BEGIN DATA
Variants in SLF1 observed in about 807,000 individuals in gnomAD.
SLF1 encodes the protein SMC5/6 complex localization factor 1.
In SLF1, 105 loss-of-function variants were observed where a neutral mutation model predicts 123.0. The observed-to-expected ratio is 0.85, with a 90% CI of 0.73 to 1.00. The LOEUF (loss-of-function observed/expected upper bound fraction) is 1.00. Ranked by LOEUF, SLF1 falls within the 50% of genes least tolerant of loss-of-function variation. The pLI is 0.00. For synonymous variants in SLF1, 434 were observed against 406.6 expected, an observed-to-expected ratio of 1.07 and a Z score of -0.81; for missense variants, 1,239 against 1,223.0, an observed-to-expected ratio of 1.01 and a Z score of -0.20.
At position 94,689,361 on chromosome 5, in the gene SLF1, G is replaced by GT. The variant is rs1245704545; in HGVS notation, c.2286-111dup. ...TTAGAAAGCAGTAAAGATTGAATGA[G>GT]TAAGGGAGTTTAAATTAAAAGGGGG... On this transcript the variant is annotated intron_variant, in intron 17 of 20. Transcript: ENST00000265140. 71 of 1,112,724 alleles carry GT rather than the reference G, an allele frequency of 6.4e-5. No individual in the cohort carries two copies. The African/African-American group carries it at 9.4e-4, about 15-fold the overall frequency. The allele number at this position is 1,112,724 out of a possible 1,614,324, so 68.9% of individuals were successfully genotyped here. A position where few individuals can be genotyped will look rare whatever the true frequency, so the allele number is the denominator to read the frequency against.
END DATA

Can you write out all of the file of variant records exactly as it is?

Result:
Variants in SLF1 observed in about 807,000 individuals in gnomAD.
SLF1 encodes the protein SMC5/6 complex localization factor 1.
In SLF1, 105 loss-of-function variants were observed where a neutral mutation model predicts 123.0. The observed-to-expected ratio is 0.85, with a 90% CI of 0.73 to 1.00. The LOEUF (loss-of-function observed/expected upper bound fraction) is 1.00. Ranked by LOEUF, SLF1 falls within the 50% of genes least tolerant of loss-of-function variation. The pLI is 0.00. For synonymous variants in SLF1, 434 were observed against 406.6 expected, an observed-to-expected ratio of 1.07 and a Z score of -0.81; for missense variants, 1,239 against 1,223.0, an observed-to-expected ratio of 1.01 and a Z score of -0.20.
At position 94,689,361 on chromosome 5, in the gene SLF1, G is replaced by GT. The variant is rs1245704545; in HGVS notation, c.2286-111dup. ...TTAGAAAGCAGTAAAGATTGAATGA[G>GT]TAAGGGAGTTTAAATTAAAAGGGGG... On this transcript the variant is annotated intron_variant, in intron 17 of 20. Transcript: ENST00000265140. 71 of 1,112,724 alleles carry GT rather than the reference G, an allele frequency of 6.4e-5. No individual in the cohort carries two copies. The African/African-American group carries it at 9.4e-4, about 15-fold the overall frequency. The allele number at this position is 1,112,724 out of a possible 1,614,324, so 68.9% of individuals were successfully genotyped here. A position where few individuals can be genotyped will look rare whatever the true frequency, so the allele number is the denominator to read the frequency against.